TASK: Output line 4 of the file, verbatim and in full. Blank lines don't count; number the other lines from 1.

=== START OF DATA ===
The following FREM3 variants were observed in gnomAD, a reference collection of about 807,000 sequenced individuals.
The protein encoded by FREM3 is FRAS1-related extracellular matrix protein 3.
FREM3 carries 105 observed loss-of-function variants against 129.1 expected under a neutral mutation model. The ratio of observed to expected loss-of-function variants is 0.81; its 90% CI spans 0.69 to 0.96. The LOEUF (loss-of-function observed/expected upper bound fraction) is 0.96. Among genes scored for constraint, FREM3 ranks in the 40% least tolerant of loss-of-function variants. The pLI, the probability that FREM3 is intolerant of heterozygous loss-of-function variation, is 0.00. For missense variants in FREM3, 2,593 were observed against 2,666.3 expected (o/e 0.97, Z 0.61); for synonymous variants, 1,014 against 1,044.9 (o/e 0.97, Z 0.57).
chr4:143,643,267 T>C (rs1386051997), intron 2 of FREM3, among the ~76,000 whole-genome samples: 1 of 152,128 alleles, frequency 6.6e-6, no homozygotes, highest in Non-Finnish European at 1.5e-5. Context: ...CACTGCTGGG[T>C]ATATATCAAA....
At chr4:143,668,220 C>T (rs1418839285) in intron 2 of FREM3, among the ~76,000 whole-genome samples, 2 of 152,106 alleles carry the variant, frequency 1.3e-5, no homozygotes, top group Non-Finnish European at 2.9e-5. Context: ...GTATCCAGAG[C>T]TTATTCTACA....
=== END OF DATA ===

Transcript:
chr4:143,643,267 T>C (rs1386051997), intron 2 of FREM3, among the ~76,000 whole-genome samples: 1 of 152,128 alleles, frequency 6.6e-6, no homozygotes, highest in Non-Finnish European at 1.5e-5. Context: ...CACTGCTGGG[T>C]ATATATCAAA....